What Are Braconid Wasps?

Braconid wasp cocoons on a hornworm caterpillar.
Braconid wasp cocoons on a hornworm caterpillar. Flickr user (a href="https://www.flickr.com/photos/onthespiral/">wormwould (CC license)

Ask a gardener which pest she hates the most, and she's likely to respond without hesitation, "Hornworms!" These freakishly large caterpillars can devour an entire tomato crop overnight. But nothing thrills a gardener more than finding a hornworm covered in little white cases, like the one pictured here. Just when hope is almost lost, the braconid wasps arrive to save the day.

Braconid wasps are Mother Nature's way of keeping pests like hornworms under control. These parasitic wasps disrupt their host insect's development, effectively stopping the pest in its tracks. Braconid wasps are parasitoids, meaning they eventually kill their hosts.

Although we're probably most familiar with the larger braconid wasps that live on hornworms, there are actually thousands of braconid wasp species throughout the world, each infecting and killing certain types of host insects. There are braconids that kill aphids, braconids that kill beetles, braconids that kill flies, and of course, braconids that kill moths and butterflies.

The Braconid Wasp Life Cycle

It's difficult to describe the braconid wasp life cycle, because each braconid wasp species develops in association with its host insect's life cycle. Very generally, the braconid life cycle begins when the female wasp deposits her eggs in the host insect, and the braconid larvae emerge and develop within the host insect's body. When the wasp larvae are ready to pupate, they may do so in or on the host insect (which is well on its way to dying if it hasn't succumbed to the parasitoids already.) The new generation of adult braconid wasps emerges from their cocoons and begins the life cycle again.

Braconid wasps that kill hornworms are larval parasitoids. The female braconid wasp deposits her eggs inside the hornworm caterpillar's body. As the wasp larvae develop and feed inside the caterpillar. When they're ready to pupate, the braconid wasp larvae chew their way out of their host, and spin silk cocoons on the caterpillar's exoskeleton. The tiny adult wasps emerge from these cocoons a short time later.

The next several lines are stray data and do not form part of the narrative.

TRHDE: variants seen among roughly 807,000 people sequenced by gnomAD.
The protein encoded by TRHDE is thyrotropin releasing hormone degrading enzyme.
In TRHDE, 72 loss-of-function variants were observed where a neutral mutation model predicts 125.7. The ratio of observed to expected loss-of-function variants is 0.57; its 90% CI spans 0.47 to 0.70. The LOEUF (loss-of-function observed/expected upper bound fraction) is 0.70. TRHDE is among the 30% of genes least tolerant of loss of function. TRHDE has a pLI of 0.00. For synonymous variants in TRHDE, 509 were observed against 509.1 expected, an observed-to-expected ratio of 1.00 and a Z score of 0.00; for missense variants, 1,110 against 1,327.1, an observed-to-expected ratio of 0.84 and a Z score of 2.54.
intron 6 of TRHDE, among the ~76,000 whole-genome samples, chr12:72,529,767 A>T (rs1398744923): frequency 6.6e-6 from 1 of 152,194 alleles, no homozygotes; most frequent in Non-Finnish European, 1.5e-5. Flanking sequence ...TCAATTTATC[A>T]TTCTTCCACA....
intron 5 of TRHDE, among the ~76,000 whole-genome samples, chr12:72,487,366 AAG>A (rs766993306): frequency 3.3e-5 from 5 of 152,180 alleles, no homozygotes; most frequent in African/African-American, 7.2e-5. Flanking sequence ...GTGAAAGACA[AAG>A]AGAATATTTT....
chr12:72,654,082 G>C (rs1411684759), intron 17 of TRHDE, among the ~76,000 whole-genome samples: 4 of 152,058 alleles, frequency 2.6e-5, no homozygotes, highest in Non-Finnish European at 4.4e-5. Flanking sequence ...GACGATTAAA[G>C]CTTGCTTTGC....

The affected caterpillar may continue to live as the braconid wasps are developing inside its body, but it will die before it can pupate. So while the current generation of caterpillars may have already munched your tomato plants down to the stems, they won't survive to become reproductive adults.

Misconceptions About Hornworm Parasites

And while we're talking about these hornworm parasitoids, let's clear up a few misconceptions about them:

"Those white things on the hornworm are parasite eggs."

No, they aren't. The braconid wasp injects her eggs into the caterpillar's body, under the skin, where you can't see them. Those white things on the hornworm's body are actually cocoons, the pupal stage of the braconid wasp. And if you watch them closely, you might get to see the tiny adult wasps emerging and flying away.

"The wasps hatch from those cocoons and attack the hornworm."

Wrong again. The adult wasps emerge from their cocoons, fly off and mate, and then the females look for new hornworm hosts in which to deposit its eggs. The hornworm "attack" is perpetrated by the wasp larvae that hatch from eggs inside the caterpillar's body. The damage to that caterpillar occurred well before those white cocoons were spun on its skin.

How Braconid Wasps Kill Their Hosts

Braconid wasps use a remarkable weapon to disable the defenses of their host insects – a virus. These parasitic wasps coevolved with polydnaviruses, which they carry and inject into the host insects along with their eggs. The polydnaviruses have no negative affects on the braconid wasps, and reside within cells in the wasp ovary.

When the braconid wasp deposits eggs in a host insect, she also injects the polydnavirus. The virus is activated in the host insect, and immediately goes to work disabling the host's defenses against intruders (the intruders being the braconid wasp eggs). Without the virus running interference, the wasp eggs would quickly be destroyed by the host insect's immune response. The polydnavirus allows the wasp eggs to survive, and the wasp larvae to hatch and begin feeding inside the host insect.


  • Bugs Rule! An Introduction to the World of Insects, by Whitney Cranshaw and Richard Redak
  • Family Braconidae – Braconid Wasps, Bugguide.net. Accessed online August 17, 2015.
  • "Viral DNA delivers wasp's sting," by Richard Kwok, Nature, February 12, 2009. Accessed online August 17, 2015.
  • Braconid Wasp Cocoon, Illinois Nature History Survey, University of Illinois at Urbana-Champlain. Accessed online August 17, 2015.
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Hadley, Debbie. "What Are Braconid Wasps?" ThoughtCo, Aug. 26, 2020, thoughtco.com/what-are-braconid-wasps-1967998. Hadley, Debbie. (2020, August 26). What Are Braconid Wasps? Retrieved from https://www.thoughtco.com/what-are-braconid-wasps-1967998 Hadley, Debbie. "What Are Braconid Wasps?" ThoughtCo. https://www.thoughtco.com/what-are-braconid-wasps-1967998 (accessed March 20, 2023).